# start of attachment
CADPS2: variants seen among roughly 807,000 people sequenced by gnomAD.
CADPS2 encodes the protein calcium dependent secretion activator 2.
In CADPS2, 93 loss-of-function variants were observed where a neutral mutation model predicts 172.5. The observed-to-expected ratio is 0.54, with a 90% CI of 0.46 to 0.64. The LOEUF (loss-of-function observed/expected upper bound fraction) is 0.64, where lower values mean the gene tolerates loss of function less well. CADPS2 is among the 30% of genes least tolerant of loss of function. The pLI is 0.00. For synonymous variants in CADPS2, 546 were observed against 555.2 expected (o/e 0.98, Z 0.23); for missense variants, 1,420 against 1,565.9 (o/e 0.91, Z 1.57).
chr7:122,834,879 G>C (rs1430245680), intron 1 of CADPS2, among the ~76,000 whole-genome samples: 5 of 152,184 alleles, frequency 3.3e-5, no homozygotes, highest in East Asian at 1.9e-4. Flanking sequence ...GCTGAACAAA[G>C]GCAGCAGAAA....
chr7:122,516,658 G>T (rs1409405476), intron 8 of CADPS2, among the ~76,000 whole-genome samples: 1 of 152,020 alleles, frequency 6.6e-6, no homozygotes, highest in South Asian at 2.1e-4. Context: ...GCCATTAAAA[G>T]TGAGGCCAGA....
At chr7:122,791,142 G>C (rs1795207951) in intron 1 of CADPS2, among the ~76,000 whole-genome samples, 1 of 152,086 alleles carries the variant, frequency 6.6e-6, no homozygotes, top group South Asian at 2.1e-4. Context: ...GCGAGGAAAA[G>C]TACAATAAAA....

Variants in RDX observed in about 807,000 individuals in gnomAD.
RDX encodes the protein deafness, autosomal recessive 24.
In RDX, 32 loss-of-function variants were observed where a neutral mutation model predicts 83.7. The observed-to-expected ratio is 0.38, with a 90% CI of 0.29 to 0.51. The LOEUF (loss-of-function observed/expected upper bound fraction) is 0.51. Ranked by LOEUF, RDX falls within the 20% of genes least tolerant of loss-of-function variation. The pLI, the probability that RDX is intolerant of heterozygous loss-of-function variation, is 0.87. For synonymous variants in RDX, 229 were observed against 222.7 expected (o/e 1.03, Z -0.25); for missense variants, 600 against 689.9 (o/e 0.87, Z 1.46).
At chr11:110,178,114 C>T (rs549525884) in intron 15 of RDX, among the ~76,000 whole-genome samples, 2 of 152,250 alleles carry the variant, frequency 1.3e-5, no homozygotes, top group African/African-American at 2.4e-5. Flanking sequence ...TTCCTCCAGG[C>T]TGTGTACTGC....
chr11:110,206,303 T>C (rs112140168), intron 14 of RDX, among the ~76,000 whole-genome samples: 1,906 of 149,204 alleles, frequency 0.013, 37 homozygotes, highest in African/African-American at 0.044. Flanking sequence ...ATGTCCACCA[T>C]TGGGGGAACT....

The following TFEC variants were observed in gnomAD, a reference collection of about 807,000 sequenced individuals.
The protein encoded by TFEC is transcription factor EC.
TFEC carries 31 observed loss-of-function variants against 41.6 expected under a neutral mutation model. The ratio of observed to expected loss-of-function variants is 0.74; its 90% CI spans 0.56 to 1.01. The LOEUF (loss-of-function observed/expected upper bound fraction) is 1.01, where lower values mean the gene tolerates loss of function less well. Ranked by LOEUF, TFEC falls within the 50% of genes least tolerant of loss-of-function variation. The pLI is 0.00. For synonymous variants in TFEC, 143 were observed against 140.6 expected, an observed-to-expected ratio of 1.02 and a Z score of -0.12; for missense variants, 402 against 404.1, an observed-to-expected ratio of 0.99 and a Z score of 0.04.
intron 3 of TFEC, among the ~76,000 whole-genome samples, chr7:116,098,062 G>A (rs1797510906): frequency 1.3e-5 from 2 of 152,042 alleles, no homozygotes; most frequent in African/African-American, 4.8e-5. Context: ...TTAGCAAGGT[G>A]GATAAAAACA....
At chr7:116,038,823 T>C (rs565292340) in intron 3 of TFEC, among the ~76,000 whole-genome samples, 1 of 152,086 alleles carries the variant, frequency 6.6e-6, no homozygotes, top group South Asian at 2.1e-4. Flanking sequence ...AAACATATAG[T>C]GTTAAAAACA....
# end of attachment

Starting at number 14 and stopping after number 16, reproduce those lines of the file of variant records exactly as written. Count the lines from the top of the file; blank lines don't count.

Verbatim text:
TFEC carries 31 observed loss-of-function variants against 41.6 expected under a neutral mutation model. The ratio of observed to expected loss-of-function variants is 0.74; its 90% CI spans 0.56 to 1.01. The LOEUF (loss-of-function observed/expected upper bound fraction) is 1.01, where lower values mean the gene tolerates loss of function less well. Ranked by LOEUF, TFEC falls within the 50% of genes least tolerant of loss-of-function variation. The pLI is 0.00. For synonymous variants in TFEC, 143 were observed against 140.6 expected, an observed-to-expected ratio of 1.02 and a Z score of -0.12; for missense variants, 402 against 404.1, an observed-to-expected ratio of 0.99 and a Z score of 0.04.
intron 3 of TFEC, among the ~76,000 whole-genome samples, chr7:116,098,062 G>A (rs1797510906): frequency 1.3e-5 from 2 of 152,042 alleles, no homozygotes; most frequent in African/African-American, 4.8e-5. Context: ...TTAGCAAGGT[G>A]GATAAAAACA....
At chr7:116,038,823 T>C (rs565292340) in intron 3 of TFEC, among the ~76,000 whole-genome samples, 1 of 152,086 alleles carries the variant, frequency 6.6e-6, no homozygotes, top group South Asian at 2.1e-4. Flanking sequence ...AAACATATAG[T>C]GTTAAAAACA....